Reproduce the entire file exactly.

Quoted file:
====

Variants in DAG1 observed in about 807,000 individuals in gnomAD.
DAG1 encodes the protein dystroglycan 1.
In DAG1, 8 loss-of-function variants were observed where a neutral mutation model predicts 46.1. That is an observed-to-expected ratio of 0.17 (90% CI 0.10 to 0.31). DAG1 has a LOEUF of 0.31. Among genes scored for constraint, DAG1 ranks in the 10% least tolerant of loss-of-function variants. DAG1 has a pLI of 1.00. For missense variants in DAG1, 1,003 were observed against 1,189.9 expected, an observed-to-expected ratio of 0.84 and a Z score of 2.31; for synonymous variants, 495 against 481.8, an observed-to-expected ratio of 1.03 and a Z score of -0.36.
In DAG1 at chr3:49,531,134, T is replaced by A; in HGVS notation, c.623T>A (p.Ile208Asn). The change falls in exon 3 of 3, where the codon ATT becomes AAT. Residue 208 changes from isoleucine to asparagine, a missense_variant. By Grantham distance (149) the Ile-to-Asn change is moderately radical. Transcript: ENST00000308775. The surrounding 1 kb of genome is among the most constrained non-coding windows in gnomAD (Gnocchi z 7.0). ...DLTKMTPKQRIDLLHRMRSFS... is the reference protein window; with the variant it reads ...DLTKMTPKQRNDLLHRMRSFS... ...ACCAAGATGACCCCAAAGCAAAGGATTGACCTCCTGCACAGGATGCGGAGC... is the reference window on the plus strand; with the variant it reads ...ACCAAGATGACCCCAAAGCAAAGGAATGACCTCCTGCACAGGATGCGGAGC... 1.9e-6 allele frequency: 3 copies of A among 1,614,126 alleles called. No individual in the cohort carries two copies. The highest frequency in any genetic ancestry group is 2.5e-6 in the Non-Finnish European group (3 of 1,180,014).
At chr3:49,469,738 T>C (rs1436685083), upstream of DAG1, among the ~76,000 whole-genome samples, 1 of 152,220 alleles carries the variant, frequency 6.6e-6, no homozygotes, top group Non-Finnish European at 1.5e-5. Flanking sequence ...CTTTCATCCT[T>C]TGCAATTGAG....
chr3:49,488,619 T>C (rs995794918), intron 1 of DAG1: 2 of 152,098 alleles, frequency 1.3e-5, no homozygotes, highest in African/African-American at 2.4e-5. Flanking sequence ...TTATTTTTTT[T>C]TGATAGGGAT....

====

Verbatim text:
Variants in DAG1 observed in about 807,000 individuals in gnomAD.
DAG1 encodes the protein dystroglycan 1.
In DAG1, 8 loss-of-function variants were observed where a neutral mutation model predicts 46.1. That is an observed-to-expected ratio of 0.17 (90% CI 0.10 to 0.31). DAG1 has a LOEUF of 0.31. Among genes scored for constraint, DAG1 ranks in the 10% least tolerant of loss-of-function variants. DAG1 has a pLI of 1.00. For missense variants in DAG1, 1,003 were observed against 1,189.9 expected, an observed-to-expected ratio of 0.84 and a Z score of 2.31; for synonymous variants, 495 against 481.8, an observed-to-expected ratio of 1.03 and a Z score of -0.36.
In DAG1 at chr3:49,531,134, T is replaced by A; in HGVS notation, c.623T>A (p.Ile208Asn). The change falls in exon 3 of 3, where the codon ATT becomes AAT. Residue 208 changes from isoleucine to asparagine, a missense_variant. By Grantham distance (149) the Ile-to-Asn change is moderately radical. Transcript: ENST00000308775. The surrounding 1 kb of genome is among the most constrained non-coding windows in gnomAD (Gnocchi z 7.0). ...DLTKMTPKQRIDLLHRMRSFS... is the reference protein window; with the variant it reads ...DLTKMTPKQRNDLLHRMRSFS... ...ACCAAGATGACCCCAAAGCAAAGGATTGACCTCCTGCACAGGATGCGGAGC... is the reference window on the plus strand; with the variant it reads ...ACCAAGATGACCCCAAAGCAAAGGAATGACCTCCTGCACAGGATGCGGAGC... 1.9e-6 allele frequency: 3 copies of A among 1,614,126 alleles called. No individual in the cohort carries two copies. The highest frequency in any genetic ancestry group is 2.5e-6 in the Non-Finnish European group (3 of 1,180,014).
At chr3:49,469,738 T>C (rs1436685083), upstream of DAG1, among the ~76,000 whole-genome samples, 1 of 152,220 alleles carries the variant, frequency 6.6e-6, no homozygotes, top group Non-Finnish European at 1.5e-5. Flanking sequence ...CTTTCATCCT[T>C]TGCAATTGAG....
chr3:49,488,619 T>C (rs995794918), intron 1 of DAG1: 2 of 152,098 alleles, frequency 1.3e-5, no homozygotes, highest in African/African-American at 2.4e-5. Flanking sequence ...TTATTTTTTT[T>C]TGATAGGGAT....